Hong Kong weathers Occupy’s financial disruption

October 10, 2014

By Robyn Mak

The author is a Reuters Breakingviews columnist. The opinions expressed are her own.

Hong Kong’s economy is coping with pro-democracy protests, now heading into their third week. Some retailers and other businesses have suffered and traffic is bad, but the city’s financial system is undisturbed. A prolonged standoff between protesters and the government matters less to investors than the slowdown in consumption and spending in mainland China. Warnings that the movement would threaten Hong Kong’s financial health look misplaced.

At its peak, the “Occupy Central” movement drew tens of thousands of demonstrators onto the streets of Hong Kong’s business and shopping districts, at times clashing with police and opposing groups. That harmed retailers during the important “Golden Week” Chinese national holiday. Some are reporting a double-digit slump in sales. Credit Suisse expects the city’s October retail sales to contract, year on year, for the first time since 2002.

Yet tourism has held up well. Hong Kong recorded 1.3 million arrivals from mainland China between Oct. 1 and Oct. 7, a 5.7 percent increase from last year’s holiday week. Markets are undisturbed, and with the exception of a few closed bank branches, most companies reported business as usual. The city’s China-dominated stock index is more or less unchanged since the protests kicked off.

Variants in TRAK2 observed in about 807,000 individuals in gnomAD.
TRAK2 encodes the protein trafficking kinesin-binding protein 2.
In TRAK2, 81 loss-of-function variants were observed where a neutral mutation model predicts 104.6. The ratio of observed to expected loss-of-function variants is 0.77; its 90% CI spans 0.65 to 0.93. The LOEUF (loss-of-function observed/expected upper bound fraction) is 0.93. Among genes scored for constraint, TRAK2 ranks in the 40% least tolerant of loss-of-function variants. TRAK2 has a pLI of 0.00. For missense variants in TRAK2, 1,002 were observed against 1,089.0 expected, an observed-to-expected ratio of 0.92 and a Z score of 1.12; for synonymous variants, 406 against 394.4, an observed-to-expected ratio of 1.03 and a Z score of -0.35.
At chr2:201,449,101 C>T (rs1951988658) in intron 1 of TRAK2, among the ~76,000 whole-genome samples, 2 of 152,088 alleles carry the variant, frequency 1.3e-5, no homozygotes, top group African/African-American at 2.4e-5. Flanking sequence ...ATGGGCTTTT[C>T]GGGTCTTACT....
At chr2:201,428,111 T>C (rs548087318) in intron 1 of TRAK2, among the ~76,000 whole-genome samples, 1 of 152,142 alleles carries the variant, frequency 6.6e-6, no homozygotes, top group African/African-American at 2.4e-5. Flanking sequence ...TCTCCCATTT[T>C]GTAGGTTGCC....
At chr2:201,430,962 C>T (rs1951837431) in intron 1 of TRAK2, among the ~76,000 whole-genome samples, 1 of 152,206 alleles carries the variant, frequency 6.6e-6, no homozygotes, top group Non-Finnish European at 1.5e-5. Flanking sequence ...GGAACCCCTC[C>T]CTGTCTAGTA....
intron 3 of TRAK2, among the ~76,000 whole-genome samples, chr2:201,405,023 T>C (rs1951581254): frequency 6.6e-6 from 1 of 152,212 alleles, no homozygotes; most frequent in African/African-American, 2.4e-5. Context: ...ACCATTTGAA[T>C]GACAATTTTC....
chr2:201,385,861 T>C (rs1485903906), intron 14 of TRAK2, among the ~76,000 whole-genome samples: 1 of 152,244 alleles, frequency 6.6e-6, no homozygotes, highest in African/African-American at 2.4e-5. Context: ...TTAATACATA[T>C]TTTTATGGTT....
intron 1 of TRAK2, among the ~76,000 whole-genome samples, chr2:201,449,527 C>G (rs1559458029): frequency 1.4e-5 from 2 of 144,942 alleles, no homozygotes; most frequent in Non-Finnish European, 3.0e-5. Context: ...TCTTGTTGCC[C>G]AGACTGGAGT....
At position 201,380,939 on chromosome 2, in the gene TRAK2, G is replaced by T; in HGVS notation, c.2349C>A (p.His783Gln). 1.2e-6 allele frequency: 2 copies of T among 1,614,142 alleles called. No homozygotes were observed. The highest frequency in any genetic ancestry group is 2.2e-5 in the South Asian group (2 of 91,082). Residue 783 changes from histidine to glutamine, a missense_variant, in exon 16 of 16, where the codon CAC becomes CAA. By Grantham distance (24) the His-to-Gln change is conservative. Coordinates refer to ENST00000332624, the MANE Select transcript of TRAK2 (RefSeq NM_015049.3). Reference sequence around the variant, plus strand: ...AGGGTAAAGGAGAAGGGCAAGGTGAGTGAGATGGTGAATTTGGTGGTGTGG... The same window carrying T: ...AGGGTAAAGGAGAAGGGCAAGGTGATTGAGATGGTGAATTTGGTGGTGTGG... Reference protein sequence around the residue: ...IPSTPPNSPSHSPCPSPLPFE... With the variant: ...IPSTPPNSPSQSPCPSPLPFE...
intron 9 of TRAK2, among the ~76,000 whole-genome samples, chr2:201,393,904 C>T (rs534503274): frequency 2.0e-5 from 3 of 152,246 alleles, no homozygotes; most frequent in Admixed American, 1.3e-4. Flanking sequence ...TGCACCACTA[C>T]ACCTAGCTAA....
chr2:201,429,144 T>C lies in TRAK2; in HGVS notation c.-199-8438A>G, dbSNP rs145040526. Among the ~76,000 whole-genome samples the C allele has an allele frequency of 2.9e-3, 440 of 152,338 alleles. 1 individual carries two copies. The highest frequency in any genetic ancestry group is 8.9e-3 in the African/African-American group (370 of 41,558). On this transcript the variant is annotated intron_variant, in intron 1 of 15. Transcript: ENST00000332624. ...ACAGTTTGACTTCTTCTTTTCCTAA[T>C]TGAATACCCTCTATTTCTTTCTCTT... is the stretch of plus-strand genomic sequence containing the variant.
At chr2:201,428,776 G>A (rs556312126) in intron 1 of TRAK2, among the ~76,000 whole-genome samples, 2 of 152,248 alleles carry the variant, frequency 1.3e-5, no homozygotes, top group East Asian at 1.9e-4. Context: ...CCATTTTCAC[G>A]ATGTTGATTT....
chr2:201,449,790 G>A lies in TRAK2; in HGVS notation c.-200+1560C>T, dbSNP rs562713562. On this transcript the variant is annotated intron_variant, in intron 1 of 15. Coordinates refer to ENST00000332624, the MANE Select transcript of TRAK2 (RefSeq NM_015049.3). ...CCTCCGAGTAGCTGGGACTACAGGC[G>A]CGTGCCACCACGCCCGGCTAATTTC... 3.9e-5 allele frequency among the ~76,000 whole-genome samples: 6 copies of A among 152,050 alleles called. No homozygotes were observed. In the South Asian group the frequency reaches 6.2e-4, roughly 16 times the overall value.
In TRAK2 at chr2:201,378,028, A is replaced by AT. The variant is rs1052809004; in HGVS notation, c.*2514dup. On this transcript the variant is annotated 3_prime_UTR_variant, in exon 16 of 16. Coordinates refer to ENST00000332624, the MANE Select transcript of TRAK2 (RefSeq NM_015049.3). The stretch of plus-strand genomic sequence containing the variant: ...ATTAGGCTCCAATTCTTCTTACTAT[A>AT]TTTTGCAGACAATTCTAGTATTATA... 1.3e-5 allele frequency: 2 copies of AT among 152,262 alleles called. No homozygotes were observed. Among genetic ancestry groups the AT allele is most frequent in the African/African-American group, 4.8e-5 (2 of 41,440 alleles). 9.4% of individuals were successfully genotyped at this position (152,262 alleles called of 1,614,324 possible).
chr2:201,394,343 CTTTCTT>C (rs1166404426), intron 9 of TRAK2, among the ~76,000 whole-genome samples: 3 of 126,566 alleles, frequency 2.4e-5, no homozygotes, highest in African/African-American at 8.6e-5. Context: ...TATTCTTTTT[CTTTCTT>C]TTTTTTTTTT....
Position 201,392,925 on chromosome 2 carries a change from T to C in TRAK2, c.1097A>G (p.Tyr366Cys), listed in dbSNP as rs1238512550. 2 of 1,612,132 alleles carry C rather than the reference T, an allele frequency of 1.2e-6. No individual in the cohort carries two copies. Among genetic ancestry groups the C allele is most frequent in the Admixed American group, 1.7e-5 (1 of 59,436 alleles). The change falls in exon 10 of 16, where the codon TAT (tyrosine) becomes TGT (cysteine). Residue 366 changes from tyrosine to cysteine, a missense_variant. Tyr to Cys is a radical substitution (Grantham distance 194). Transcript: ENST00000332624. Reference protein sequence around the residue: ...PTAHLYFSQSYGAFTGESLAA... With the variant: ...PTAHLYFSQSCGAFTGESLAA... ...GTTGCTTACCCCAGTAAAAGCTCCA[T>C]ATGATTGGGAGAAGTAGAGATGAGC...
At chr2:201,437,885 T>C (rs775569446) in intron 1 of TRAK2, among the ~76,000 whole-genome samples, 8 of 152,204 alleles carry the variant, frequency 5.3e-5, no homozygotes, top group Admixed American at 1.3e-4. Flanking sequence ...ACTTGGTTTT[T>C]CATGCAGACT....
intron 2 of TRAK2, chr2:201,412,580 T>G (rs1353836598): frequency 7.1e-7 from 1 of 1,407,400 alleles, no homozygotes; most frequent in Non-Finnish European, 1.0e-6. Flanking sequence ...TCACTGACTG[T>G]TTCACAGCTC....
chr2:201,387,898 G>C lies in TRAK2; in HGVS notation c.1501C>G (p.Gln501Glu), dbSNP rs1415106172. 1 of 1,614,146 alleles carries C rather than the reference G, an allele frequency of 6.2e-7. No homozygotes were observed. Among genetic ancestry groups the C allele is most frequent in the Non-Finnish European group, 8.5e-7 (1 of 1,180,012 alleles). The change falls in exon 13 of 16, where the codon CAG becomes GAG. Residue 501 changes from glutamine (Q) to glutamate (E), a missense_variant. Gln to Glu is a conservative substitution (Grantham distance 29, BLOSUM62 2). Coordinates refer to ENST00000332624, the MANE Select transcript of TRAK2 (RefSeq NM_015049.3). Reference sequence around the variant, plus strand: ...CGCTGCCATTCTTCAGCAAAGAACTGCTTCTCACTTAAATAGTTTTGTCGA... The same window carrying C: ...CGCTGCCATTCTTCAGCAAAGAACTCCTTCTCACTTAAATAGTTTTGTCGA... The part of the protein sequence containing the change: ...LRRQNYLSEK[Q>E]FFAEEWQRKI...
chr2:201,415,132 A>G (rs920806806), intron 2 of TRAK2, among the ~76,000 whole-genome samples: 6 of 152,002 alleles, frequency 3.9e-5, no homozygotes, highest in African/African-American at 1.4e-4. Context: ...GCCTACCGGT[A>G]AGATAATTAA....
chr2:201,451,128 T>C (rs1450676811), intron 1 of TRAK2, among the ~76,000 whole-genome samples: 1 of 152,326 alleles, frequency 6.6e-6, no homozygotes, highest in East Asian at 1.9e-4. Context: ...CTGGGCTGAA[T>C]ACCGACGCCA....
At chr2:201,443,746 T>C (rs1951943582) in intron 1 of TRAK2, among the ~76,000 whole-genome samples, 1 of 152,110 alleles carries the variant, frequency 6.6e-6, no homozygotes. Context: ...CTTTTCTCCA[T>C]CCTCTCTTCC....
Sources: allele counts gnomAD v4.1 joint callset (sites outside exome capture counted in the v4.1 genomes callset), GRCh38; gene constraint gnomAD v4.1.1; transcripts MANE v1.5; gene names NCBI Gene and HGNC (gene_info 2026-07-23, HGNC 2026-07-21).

Hong Kong retailers were already struggling with a slowdown in Chinese spending before the protests: Chow Tai Fook, the world’s largest jewellery chain by market capitalisation, reported a 43 percent drop in sales in Hong Kong and Macau in the three months to the end of June. Hong Kong’s private consumption growth slowed to 4 percent in the second quarter, from 7 percent in the same period of last year.

Now that formal talks between protesters and the government have been called off, a protracted stalemate looks likely. Activists will also have gained confidence about their ability to block Hong Kong’s main roads in future. The concern is that the Occupy movement has left open the possibility of even more unrest in the former British colony. Yet the protests have been overwhelmingly calm and peaceful. Short of a violent escalation, an additional layer of volatility may make little difference to investors already looking at an already-weakening economy.

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